Resume Killers Overused Words That Turn Employers Off

Most of the time job candidates do not have an updated resume when they need one. When the opportunity arises, whether it is a planned job hunt or one that occurs in a crisis mode, it's easy to fall into a trap of using a resume template as a guideline because you are eager to have one prepared.Unfortunately, that does not allow you to showcase your individual skill set at its best. The resume you copy might be tired, trite and not on point to your potential employer. The resume is the first real look an employer has at you as a prospective employee.

If your resume fails to convey why they should hire, you will never get to the second step: the interview. If you don't get past this stage where they actually read your resume, you won't get a second chance to strut your stuff.Resume writing is a difficult task. It is hard to evaluate yourself objectively and present your skills and attributes in the most favorable light without seeming to be boastful.

Speaking about oneself in a positive manner on paper is very hard for most people to do. It's not easy to demonstrate what you have accomplished without sounding like a litany from a CV or, at worst, a complete ego trip. But don't ever forget this one fact: it's OK to sound extraordinary or even immodest about your accomplishments on your resume. Remember, you want the job don't you?.It is important to have a current resume that's on target and contemporary, but unfortunately many writers fall into the trap of using buzz words or jargon because they think it makes them sound hip or in style. Think of all those expressions that "totally, like," annoy you.

The same is true with the words used to craft a resume. If the word/s is bandied about by every candidate, it ceases to have any relevant connotations to the reader. Phrases that once worked as positive adjectives have become so common place that they impacts your resume in a negative way. For example, reliable, resourceful, self motivated and other overused nomenclature don't cut it. When you use this language you become a candidate like the rest of the pack. Sadly, that is where you will remain unless you "spice" up your resume with more descriptive verbiage.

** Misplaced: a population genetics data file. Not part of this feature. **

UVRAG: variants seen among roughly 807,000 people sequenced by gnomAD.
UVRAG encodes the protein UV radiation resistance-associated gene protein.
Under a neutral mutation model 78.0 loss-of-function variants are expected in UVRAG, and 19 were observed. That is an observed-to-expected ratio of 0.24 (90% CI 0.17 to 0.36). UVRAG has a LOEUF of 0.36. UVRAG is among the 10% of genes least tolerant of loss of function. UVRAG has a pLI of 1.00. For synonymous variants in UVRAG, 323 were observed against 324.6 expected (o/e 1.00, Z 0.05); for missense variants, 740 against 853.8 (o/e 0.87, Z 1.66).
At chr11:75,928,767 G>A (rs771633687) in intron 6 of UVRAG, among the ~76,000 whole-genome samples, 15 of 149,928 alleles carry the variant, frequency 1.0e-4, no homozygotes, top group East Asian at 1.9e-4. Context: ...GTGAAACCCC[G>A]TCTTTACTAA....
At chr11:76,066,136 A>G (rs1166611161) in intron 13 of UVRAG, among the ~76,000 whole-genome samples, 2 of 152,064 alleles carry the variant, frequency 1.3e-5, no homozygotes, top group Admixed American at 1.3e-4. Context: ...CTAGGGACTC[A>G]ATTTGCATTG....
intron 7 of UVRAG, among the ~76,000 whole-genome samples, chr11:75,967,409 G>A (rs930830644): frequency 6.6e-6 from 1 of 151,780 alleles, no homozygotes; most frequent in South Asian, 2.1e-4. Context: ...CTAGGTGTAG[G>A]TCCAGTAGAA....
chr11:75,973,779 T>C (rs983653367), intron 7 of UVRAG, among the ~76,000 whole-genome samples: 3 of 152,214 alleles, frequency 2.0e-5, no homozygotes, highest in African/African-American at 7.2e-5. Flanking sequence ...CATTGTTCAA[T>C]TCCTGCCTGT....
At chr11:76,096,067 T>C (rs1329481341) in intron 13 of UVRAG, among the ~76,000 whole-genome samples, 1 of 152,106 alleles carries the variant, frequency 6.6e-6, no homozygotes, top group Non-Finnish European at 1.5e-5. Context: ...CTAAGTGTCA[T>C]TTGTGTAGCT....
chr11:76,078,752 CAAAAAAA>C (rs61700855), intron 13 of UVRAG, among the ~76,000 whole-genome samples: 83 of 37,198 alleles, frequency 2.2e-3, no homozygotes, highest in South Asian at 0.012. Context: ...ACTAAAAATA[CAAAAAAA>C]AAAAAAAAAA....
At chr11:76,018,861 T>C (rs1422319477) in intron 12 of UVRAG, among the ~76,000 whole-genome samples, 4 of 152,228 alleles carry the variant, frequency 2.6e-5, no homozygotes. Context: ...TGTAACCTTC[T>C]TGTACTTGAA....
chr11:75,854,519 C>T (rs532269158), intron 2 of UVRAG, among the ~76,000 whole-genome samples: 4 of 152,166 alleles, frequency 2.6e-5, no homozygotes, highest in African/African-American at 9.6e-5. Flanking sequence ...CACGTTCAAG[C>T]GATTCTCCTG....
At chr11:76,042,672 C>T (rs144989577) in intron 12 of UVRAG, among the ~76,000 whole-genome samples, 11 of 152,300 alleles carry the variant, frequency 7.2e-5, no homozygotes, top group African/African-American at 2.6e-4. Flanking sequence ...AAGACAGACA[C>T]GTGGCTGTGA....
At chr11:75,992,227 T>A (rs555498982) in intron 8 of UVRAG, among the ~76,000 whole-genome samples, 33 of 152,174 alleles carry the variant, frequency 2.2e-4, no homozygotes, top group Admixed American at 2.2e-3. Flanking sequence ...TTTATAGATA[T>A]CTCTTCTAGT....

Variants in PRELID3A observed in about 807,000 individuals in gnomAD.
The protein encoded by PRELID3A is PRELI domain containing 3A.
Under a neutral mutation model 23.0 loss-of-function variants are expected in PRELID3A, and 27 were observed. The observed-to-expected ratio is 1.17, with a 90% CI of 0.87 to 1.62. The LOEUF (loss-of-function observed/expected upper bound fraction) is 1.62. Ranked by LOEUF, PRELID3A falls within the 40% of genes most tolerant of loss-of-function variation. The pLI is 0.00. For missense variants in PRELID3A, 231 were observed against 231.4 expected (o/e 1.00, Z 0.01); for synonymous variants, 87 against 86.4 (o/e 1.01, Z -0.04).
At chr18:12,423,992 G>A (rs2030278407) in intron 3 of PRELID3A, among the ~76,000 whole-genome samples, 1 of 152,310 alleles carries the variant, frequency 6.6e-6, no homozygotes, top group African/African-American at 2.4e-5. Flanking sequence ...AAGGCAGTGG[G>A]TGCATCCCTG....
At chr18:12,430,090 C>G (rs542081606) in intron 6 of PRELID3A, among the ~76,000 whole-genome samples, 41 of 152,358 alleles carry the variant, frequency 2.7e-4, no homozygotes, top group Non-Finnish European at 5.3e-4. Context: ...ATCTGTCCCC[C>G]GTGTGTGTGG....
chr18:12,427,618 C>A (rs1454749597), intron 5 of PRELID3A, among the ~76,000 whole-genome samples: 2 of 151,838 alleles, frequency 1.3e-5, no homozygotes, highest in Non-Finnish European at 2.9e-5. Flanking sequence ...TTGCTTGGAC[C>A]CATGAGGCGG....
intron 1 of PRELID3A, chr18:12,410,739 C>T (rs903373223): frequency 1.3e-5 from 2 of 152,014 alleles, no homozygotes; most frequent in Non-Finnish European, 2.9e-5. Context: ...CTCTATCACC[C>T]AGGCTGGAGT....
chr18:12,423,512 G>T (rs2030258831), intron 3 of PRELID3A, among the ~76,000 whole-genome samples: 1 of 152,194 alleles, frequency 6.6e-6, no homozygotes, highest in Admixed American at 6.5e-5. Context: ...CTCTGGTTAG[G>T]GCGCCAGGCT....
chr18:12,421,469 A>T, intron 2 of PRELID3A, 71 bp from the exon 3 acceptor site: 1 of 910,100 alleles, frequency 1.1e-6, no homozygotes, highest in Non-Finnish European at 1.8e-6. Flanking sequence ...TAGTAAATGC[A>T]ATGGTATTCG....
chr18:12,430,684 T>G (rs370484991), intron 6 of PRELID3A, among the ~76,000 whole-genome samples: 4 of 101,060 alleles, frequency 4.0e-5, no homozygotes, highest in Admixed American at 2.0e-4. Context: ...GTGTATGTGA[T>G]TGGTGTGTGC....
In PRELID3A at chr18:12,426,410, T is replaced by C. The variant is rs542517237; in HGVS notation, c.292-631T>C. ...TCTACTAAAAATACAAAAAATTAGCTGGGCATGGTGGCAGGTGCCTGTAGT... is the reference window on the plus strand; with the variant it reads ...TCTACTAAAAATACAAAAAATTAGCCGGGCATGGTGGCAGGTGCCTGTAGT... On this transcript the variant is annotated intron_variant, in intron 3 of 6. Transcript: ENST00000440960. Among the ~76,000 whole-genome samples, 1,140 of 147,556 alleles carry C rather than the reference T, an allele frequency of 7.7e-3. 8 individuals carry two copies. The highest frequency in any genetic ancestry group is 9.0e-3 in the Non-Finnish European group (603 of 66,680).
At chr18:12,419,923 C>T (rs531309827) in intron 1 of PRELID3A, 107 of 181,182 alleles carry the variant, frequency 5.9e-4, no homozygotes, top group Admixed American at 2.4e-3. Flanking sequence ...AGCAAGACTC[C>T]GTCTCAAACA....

Tip:.A great tool is a thesaurus. If the word you want to use is overdone, look up the synonym.

Many times you will find a word that is a lot more powerful.In order to stand out in a crowded pile of resumes, don't start flinging words about that put you back into the resume swell with the masses. Avoid sounding like every one else. Jargon is not cool unless there is no other way to describe what you do.

Consider action words that create a visual picture about what you have done and avoid trite phrases that everyone uses. Demonstrate to your reader that you have the necessary abilities to meet their needs. Make them understand that hiring you will be an asset not a liability.Forget the fact that you are an ambitious, detail oriented, hardworking, motivated, team player. Write what you really do.

What have you accomplished in your last job in terms of quantifiable outcomes? Make the reader visualize your last task and how you facilitated a positive outcome. After reading your resume, the employer should want to know more about you.Think about how you can differentiate yourself when you start writing. Here are a few additional overused phrases not to include in your resume. Aggressive, Competent, Creative, Determined, Efficient, Experienced, Flexible, Goal-oriented, Independent, Innovative, Knowledgeable, Logical, Motivated, Meticulous, People person, Professional, Successful, Well-organized.Tip:.

Let someone who knows nothing about your job read your resume. See if it compels them to learn more about you.Remember that when employers read your resume you want them to move you to the top of the pile, not bury you with all the rest of the boring sound alike resumes. So think about the words that could be your "resume killer." If you find them in your resume, retool it and give it new life.

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By: JoAnn Hines

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